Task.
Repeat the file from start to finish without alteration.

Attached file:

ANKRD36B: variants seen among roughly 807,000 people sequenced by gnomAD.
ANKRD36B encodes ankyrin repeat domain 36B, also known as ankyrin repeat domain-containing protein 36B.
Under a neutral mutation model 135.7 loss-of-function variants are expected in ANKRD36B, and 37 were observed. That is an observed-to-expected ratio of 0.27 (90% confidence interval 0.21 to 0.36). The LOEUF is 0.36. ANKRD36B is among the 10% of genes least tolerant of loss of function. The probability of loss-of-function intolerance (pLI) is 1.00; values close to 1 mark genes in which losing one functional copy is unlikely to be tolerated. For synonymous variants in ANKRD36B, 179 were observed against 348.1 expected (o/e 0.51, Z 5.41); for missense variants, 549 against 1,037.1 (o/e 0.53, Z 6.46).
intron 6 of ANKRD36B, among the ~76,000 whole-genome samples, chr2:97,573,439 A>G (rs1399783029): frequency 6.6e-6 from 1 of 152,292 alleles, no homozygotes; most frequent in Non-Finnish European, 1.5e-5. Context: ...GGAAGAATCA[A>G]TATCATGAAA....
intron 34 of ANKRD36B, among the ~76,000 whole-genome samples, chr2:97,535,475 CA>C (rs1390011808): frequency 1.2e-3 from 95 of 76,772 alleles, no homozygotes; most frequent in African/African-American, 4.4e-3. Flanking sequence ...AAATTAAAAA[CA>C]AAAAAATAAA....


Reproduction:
ANKRD36B: variants seen among roughly 807,000 people sequenced by gnomAD.
ANKRD36B encodes ankyrin repeat domain 36B, also known as ankyrin repeat domain-containing protein 36B.
Under a neutral mutation model 135.7 loss-of-function variants are expected in ANKRD36B, and 37 were observed. That is an observed-to-expected ratio of 0.27 (90% confidence interval 0.21 to 0.36). The LOEUF is 0.36. ANKRD36B is among the 10% of genes least tolerant of loss of function. The probability of loss-of-function intolerance (pLI) is 1.00; values close to 1 mark genes in which losing one functional copy is unlikely to be tolerated. For synonymous variants in ANKRD36B, 179 were observed against 348.1 expected (o/e 0.51, Z 5.41); for missense variants, 549 against 1,037.1 (o/e 0.53, Z 6.46).
intron 6 of ANKRD36B, among the ~76,000 whole-genome samples, chr2:97,573,439 A>G (rs1399783029): frequency 6.6e-6 from 1 of 152,292 alleles, no homozygotes; most frequent in Non-Finnish European, 1.5e-5. Context: ...GGAAGAATCA[A>G]TATCATGAAA....
intron 34 of ANKRD36B, among the ~76,000 whole-genome samples, chr2:97,535,475 CA>C (rs1390011808): frequency 1.2e-3 from 95 of 76,772 alleles, no homozygotes; most frequent in African/African-American, 4.4e-3. Flanking sequence ...AAATTAAAAA[CA>C]AAAAAATAAA....